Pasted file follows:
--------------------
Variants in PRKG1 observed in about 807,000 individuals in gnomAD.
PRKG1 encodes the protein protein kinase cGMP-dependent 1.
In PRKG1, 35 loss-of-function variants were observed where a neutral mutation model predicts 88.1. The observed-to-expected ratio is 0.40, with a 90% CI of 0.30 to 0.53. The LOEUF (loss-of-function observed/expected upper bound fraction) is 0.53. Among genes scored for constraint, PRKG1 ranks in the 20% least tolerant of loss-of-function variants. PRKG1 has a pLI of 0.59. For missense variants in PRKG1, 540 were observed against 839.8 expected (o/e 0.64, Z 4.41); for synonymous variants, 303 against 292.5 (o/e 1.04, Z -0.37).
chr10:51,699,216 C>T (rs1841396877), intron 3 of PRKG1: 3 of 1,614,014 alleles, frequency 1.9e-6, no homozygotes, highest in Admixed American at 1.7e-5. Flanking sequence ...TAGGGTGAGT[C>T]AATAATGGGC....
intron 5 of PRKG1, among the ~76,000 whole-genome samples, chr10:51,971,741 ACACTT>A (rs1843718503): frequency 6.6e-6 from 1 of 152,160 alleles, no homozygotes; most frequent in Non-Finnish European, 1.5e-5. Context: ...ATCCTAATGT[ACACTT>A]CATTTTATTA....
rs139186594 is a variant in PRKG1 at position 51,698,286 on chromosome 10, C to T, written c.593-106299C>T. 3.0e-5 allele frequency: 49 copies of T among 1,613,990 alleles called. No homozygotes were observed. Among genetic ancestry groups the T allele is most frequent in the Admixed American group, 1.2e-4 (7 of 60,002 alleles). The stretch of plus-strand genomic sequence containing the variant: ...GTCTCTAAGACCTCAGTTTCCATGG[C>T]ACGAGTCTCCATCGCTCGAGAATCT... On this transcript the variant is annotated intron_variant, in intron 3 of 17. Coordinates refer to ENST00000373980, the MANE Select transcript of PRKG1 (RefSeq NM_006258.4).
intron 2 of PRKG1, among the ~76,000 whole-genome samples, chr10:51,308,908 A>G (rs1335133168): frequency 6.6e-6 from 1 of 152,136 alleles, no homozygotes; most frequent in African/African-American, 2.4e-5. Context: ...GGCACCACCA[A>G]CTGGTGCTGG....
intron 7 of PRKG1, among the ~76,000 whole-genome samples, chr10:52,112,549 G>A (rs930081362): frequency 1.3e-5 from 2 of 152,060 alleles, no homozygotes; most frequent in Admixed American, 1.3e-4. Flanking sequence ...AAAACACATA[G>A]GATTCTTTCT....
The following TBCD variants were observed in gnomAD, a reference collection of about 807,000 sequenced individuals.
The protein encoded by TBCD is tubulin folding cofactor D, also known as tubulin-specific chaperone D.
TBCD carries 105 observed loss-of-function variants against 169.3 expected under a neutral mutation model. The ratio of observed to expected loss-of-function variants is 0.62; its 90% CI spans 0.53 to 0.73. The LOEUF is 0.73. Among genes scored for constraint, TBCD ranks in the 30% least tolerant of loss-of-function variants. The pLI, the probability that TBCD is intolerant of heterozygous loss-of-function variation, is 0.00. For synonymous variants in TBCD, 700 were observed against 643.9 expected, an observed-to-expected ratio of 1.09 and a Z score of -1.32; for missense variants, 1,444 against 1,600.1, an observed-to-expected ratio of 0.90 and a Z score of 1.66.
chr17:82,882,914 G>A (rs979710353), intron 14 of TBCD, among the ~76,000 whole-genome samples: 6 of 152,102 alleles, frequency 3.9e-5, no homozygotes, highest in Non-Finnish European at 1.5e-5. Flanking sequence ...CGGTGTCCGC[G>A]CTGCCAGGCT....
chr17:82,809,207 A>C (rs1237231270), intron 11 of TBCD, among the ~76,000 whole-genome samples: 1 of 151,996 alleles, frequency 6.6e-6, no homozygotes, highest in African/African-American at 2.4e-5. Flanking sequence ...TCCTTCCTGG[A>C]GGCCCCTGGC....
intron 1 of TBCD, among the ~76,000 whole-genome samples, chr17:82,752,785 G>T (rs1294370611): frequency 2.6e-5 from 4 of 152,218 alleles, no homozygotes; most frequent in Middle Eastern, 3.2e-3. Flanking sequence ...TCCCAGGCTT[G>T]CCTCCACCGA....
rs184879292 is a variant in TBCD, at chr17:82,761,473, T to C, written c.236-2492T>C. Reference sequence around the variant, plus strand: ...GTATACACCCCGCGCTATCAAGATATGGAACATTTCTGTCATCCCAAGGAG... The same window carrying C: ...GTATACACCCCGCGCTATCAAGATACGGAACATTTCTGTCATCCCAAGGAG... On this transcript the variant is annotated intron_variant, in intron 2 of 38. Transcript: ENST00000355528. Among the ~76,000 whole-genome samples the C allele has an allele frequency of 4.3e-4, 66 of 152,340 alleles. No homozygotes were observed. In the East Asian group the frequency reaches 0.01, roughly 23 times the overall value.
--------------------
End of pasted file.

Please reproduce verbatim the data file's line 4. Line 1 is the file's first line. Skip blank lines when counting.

chr10:51,699,216 C>T (rs1841396877), intron 3 of PRKG1: 3 of 1,614,014 alleles, frequency 1.9e-6, no homozygotes, highest in Admixed American at 1.7e-5. Flanking sequence ...TAGGGTGAGT[C>T]AATAATGGGC....